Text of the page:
THINKING

Pacific Alliance: progress and challenges for the productive sectors

On 10 March, the 12th Meeting of Finance Ministers of the Pacific Alliance was held in Santiago de Chile. Taking part in the meeting were the Finance Ministers of Chile, Colombia, Mexico and Peru. The event was organized by the Chilean Minister Rodrigo Valdés, as Chile currently holds the Pro Tempore presidency of the Alliance.

During the course of the event, the ministers discussed the state of the economies of the member countries of the Pacific Alliance and debated the challenges for commercial and financial integration in the present international climate. Even though Colombia is adjusting its legislation and commitments to be able to join the OECD, to achieve the level of competition required by the Alliance, the National Government must make additional legal and regulatory adjustments.

An example of these are the provisions included in the Tax Reform that eliminate taxes on investments by pension funds from Chile, Mexico and Peru in Colombia as a result of which greater investment is expected, creating more jobs. The Colombian government’s goals also include the creation of financial products with a passport that will allow them to be distributed across the different member countries of the Alliance without restrictions. Financial positioning in Latin America is one of the pillars the country is seeking to strengthen together with the commitments to competition and financial security demanded by the OECD.

Another of the major issues addressed during the meeting of ministers was the position of Mexico with regard to Donald Trump’s determination to renegotiate the North American Free Trade Agreement, with the countries that make up the Pacific Alliance declaring their support for Mexico given the challenges it faces in the international context, which are shared by every country in Latin America. In addition, the ministers discussed some of the effects these unilateral decisions might have upon the economies and trade of other states in Latin America.

The ministers further discussed the challenges of global economic integration and spoke about the external situation currently facing the four countries of the Alliance, recognizing the global risks associated with threats of protectionism and reaffirming their commitment to commercial and financial integration.

Commitments on infrastructure and services

In the realm of infrastructure, feasibility studies for a Pacific Alliance Infrastructure Fund were analyzed and it was agreed that an investor fair would be held to promote financing opportunities for infrastructure in the region. It is important to note that for countries such as Chile and Colombia the infrastructure sector continues to be one of the biggest factors that determine the countries’ level of investment and sustainability.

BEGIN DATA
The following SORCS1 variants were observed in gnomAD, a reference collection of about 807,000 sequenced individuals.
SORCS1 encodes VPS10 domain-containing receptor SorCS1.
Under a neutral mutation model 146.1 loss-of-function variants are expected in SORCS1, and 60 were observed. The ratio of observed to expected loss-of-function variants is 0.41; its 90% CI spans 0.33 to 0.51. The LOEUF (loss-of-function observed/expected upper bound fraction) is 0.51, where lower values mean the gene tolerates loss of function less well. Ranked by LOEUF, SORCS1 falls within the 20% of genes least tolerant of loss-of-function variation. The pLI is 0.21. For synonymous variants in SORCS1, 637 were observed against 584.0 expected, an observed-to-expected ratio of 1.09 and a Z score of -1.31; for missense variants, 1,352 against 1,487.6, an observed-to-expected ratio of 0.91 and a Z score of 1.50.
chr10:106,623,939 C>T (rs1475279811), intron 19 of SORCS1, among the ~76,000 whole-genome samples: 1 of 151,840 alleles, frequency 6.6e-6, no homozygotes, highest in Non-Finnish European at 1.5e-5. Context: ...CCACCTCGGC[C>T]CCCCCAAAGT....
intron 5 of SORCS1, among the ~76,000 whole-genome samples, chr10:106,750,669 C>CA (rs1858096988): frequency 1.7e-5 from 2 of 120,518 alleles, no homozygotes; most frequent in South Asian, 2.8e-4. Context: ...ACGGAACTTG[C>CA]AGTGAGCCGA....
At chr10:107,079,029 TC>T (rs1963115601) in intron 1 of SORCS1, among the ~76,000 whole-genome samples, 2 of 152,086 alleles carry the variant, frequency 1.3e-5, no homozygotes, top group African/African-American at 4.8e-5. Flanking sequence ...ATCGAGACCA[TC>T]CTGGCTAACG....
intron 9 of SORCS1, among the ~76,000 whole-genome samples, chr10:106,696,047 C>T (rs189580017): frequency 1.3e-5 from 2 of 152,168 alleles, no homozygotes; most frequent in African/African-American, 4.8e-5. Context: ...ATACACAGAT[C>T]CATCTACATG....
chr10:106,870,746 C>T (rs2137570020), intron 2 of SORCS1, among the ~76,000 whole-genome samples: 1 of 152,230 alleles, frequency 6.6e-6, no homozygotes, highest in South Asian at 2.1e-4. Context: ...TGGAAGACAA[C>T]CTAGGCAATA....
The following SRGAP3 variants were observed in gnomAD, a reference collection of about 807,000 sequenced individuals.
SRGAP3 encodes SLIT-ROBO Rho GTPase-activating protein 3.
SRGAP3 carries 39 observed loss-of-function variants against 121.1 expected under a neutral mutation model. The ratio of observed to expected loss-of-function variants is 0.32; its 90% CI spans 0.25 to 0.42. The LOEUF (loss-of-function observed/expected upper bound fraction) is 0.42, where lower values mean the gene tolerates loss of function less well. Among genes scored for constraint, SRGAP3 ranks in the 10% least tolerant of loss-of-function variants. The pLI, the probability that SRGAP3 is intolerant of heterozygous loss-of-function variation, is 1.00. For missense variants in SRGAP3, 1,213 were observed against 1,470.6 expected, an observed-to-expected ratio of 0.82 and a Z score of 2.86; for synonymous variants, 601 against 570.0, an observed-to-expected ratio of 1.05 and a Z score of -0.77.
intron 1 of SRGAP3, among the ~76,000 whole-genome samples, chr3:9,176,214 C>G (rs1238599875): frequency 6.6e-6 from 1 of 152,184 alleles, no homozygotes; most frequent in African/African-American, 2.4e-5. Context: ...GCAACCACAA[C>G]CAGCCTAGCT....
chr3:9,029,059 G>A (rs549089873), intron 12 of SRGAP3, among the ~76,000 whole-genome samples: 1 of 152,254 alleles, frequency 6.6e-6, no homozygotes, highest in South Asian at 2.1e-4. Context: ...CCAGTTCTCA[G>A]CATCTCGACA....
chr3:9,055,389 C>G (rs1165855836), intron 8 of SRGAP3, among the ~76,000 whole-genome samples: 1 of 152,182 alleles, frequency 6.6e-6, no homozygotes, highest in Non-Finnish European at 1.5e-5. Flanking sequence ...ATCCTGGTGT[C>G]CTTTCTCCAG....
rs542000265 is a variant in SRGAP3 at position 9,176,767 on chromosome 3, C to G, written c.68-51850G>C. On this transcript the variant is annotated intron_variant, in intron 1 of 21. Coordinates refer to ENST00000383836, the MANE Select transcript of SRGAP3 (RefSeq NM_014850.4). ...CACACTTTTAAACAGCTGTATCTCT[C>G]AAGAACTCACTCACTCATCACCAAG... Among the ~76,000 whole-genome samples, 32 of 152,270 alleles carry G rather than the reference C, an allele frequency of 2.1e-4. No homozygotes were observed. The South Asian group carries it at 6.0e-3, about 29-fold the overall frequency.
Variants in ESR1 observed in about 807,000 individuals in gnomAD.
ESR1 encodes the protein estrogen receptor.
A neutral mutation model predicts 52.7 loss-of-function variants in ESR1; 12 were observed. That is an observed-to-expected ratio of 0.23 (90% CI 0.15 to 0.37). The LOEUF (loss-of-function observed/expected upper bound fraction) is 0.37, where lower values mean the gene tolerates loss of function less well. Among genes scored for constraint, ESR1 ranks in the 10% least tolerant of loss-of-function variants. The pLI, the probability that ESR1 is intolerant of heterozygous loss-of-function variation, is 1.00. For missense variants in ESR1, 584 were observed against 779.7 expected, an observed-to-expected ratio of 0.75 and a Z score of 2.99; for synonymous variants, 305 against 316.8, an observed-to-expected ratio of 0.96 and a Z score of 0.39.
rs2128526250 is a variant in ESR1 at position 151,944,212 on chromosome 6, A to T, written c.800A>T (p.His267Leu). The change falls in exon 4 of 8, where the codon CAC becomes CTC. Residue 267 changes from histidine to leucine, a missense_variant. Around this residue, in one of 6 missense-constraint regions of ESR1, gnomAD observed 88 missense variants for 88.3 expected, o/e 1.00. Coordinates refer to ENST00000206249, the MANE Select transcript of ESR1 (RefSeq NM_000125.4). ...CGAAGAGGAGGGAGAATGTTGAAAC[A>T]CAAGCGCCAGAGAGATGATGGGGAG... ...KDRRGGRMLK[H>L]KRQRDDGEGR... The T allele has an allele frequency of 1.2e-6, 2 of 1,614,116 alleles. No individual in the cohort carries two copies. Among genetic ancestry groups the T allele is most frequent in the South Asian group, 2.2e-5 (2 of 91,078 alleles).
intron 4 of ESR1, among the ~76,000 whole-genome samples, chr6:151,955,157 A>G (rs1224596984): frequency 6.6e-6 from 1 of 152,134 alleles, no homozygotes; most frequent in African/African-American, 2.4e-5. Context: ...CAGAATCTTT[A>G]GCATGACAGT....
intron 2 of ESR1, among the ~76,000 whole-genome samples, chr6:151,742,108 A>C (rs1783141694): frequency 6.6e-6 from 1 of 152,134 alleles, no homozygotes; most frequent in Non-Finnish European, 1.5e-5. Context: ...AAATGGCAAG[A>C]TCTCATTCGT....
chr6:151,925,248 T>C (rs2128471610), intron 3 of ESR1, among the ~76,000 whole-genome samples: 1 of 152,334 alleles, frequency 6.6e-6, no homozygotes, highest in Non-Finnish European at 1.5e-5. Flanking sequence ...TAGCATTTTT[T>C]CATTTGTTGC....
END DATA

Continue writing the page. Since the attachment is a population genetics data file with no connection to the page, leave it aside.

In other areas, the finance ministers agreed to identify tax, customs and financial barriers to the export of services based on a study by the Inter-American Development Bank (IBD) in order to encourage specific actions to support that sector. It was also agreed to model a catastrophe bond that would facilitate the administration of risks at a regional level and explore the elimination of non-tariff barriers, the promotion of capital flow and the facilitation of foreign investment in the region.

The Alliance looks to the Asia Pacific Region

Finally, a key theme in the discussion was related to the Pacific Asia region and the need for the Alliance to act jointly and speak with a single voice to improve and expand its free trade treaties with countries and trade blocks in the region. On 15 March, the Foreign Ministers of the member states of the Alliance agreed to align information derived from the meeting of the finance ministers and to propose the creation of the designation ‘Associate State of the Alliance’ to promote the beginning of trade negotiations with countries from the Asia Pacific region, as long as said negotiations lead to high standards of quality in terms of trade disciplines and are concluded in the short term.

The commitments assumed by the Alliance Ministers of Foreign Relations and Commerce included the need to implement policies in favour of commercial expansion; the integration of markets, cooperation, support and strengthening of the multilateral trade system and the commitments assumed by each country as part of that framework.

In conclusion, the meetings of the Ministers of Finance and the Ministers of Foreign Relations seek to promote competitiveness and the development of Free Trade among member countries and even extend it into the Asia Pacific region. The challenge is to establish whether the decisions taken by governments for internal implementation have the expected results or whether they in fact restrict industrial activities and limit the development of the economy. Soon, we will begin to see the results of the Tax Reform in Colombia and will closely follow other decisions taken by the National Government such as the tariff reforms, the modification of free trade areas and new agreements such as the dual taxation treaty with the United Kingdom, among others, that may affect or benefit industries in the country.